Mental illness does not discriminate, but people sometimes do.
It’s reality for most people living with mental illness, that stigma and discrimination are part of their lives.
What is stigma?
Stigma happens when a group in society are not regarded with the same respect as others. There are numerous definitions but, put simply, stigma is primarily a problem of behaviours resulting in the unfair and inequitable treatment of people. Stigma involves a variety of myths, prejudices, and negative stereotyping of people with mental health issues.
“Stigma was for me the most agonising part of my disorder. It cost friendships, career opportunities and, most importantly, my self-esteem”
Reducing Stigma | What can be done?
Reducing stigma isn’t easy but it is ”the single most important barrier to overcome” according to the World Health Organisation. In fact Dr Norman Sartotius, the President of Association for the Advancement of Mental Health, has said: ‘Experience from all over the world proves that it is not possible to build satisfactory mental health programs without a serious and continuous effort to reduce or prevent stigmatisation of mental illness.’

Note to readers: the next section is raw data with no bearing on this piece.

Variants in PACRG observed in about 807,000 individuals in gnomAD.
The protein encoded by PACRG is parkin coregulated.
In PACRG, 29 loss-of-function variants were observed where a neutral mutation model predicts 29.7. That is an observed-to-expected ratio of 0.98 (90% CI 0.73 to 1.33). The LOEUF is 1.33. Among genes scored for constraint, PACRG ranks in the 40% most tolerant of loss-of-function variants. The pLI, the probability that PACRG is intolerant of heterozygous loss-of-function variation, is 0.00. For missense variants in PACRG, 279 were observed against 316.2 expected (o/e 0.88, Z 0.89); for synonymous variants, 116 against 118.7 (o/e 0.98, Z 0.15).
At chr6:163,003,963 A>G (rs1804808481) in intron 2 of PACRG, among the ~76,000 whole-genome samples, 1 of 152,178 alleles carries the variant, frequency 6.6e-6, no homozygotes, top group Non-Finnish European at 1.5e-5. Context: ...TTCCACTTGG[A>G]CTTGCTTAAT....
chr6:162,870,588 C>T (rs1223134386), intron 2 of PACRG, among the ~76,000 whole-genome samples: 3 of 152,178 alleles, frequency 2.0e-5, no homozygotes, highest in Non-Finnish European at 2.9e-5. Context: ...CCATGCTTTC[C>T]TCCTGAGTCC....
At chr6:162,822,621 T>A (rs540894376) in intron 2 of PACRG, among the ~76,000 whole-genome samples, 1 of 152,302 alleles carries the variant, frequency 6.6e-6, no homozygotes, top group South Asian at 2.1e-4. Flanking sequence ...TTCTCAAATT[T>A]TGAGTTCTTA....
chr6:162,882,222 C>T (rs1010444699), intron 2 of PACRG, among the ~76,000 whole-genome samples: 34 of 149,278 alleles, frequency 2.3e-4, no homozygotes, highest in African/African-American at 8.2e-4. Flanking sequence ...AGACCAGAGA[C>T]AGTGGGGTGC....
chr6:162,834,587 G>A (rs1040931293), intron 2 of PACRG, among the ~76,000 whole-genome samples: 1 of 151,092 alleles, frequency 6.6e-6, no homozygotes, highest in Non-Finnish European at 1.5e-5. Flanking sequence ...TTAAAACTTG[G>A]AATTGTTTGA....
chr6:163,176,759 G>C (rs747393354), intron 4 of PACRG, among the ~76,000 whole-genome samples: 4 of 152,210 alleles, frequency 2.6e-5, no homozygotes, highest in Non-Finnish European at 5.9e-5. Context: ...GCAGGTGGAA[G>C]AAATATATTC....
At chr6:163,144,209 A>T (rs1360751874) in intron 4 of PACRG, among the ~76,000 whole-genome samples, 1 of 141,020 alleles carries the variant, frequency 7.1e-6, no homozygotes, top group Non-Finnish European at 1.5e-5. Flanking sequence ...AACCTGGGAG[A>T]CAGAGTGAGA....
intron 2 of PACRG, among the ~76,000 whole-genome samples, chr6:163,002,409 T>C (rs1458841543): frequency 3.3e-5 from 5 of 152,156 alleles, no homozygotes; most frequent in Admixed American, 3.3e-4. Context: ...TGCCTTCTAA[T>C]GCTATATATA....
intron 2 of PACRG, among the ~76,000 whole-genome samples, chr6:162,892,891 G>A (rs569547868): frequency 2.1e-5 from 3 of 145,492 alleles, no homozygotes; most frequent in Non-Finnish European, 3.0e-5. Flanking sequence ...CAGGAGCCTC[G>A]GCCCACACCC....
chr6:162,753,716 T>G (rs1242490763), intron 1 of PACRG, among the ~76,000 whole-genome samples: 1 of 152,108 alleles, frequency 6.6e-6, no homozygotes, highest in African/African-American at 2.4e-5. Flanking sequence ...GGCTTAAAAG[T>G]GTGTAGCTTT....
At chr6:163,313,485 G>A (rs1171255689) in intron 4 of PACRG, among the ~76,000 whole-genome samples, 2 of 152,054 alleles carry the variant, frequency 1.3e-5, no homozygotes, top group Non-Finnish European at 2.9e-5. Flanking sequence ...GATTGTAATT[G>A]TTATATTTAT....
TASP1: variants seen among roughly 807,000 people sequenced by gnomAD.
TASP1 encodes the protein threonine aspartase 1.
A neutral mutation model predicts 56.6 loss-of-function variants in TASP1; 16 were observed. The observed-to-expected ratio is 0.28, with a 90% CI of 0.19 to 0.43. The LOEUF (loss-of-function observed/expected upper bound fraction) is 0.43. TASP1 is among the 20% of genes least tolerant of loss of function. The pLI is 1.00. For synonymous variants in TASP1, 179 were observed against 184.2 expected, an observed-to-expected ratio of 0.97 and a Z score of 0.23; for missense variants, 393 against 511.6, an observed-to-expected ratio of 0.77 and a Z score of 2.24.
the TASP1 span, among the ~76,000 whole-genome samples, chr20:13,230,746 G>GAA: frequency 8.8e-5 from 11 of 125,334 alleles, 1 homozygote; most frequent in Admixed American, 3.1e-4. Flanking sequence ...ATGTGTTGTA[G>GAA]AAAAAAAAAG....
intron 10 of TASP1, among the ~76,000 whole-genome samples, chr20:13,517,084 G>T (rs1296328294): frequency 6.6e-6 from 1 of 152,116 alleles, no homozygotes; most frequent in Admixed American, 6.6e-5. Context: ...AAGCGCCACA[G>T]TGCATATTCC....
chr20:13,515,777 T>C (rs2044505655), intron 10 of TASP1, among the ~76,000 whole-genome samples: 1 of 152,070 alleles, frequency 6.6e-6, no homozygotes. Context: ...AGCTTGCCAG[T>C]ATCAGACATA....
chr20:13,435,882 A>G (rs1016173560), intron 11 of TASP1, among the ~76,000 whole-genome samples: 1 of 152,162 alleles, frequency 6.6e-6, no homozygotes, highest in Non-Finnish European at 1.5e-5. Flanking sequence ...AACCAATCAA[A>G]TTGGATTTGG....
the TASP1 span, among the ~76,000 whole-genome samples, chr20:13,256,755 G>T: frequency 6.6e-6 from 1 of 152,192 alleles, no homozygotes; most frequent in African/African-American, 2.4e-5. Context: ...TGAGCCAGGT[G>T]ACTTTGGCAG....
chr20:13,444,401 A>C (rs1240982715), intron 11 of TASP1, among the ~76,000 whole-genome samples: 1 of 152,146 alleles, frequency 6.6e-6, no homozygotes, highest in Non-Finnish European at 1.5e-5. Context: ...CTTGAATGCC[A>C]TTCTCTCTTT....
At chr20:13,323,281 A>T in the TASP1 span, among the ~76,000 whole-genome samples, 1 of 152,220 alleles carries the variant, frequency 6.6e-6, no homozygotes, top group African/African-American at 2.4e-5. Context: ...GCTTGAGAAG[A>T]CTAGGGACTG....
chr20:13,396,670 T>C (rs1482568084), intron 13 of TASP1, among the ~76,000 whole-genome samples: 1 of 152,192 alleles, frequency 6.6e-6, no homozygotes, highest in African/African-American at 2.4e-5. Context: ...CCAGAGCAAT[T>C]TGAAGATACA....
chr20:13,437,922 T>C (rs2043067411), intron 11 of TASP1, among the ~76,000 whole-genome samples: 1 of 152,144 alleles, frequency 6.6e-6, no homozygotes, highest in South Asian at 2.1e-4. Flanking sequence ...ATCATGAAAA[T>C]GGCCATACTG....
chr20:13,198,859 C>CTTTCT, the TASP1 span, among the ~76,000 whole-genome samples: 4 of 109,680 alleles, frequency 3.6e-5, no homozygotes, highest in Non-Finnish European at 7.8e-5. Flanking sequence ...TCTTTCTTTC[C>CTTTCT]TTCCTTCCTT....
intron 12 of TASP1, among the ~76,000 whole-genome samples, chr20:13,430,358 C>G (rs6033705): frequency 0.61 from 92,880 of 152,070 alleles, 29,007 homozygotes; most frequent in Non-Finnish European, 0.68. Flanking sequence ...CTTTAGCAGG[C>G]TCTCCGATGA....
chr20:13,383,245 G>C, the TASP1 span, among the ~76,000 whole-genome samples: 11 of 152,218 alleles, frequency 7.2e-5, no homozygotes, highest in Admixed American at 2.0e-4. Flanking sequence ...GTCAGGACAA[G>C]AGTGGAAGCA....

A 2008 report for the Mental Health Foundation of New Zealand examined the issue of self-stigma in detail and made eight recommendations to eliminate it:
- recognise the contribution of (people with) mental illness and foster leadership
- celebrate and accept difference
- affirm human rights
- encourage disclosure
- encourage recovery-oriented practices
- encourage empowerment
- support peer support services
- challenge attitudes and behaviour
Evidence suggests at least two key strategies to reduce stigma generally:
Educational approach – which provides people with information and resources that challenges inaccurate stereotypes and replaces them with factual information.
Contact-based approach – which facilitates personal contact with people with a mental illness.
Links to resources
For more information on mental illness stigma and the Stop Mental Illness Charter click here.